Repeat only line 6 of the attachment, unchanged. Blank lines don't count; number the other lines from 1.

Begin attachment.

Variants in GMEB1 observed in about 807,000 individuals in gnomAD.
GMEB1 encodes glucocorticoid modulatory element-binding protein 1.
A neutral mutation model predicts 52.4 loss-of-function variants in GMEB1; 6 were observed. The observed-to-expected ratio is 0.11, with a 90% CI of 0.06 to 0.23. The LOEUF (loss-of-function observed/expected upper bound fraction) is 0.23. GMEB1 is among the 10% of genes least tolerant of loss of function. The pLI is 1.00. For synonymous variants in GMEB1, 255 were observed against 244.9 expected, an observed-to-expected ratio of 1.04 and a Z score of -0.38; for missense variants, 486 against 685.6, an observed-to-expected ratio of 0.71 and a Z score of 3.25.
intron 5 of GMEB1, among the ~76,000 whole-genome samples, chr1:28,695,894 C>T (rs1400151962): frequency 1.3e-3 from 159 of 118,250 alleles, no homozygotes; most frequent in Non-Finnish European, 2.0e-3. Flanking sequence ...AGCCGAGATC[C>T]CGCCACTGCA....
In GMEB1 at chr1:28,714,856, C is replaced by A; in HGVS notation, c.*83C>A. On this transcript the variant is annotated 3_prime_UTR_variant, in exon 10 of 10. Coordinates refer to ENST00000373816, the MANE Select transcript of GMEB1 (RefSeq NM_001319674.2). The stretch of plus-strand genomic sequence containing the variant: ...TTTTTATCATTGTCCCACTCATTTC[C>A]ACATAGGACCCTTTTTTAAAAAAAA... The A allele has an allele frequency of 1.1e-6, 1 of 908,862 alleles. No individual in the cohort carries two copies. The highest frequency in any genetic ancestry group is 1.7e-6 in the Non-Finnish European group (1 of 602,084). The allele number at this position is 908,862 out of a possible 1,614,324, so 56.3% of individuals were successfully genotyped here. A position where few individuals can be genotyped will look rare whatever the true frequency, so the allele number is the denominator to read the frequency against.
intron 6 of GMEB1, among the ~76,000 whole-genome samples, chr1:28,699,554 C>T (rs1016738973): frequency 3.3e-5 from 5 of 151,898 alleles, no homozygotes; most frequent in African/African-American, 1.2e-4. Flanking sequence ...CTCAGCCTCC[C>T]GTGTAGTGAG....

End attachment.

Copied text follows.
intron 6 of GMEB1, among the ~76,000 whole-genome samples, chr1:28,699,554 C>T (rs1016738973): frequency 3.3e-5 from 5 of 151,898 alleles, no homozygotes; most frequent in African/African-American, 1.2e-4. Flanking sequence ...CTCAGCCTCC[C>T]GTGTAGTGAG....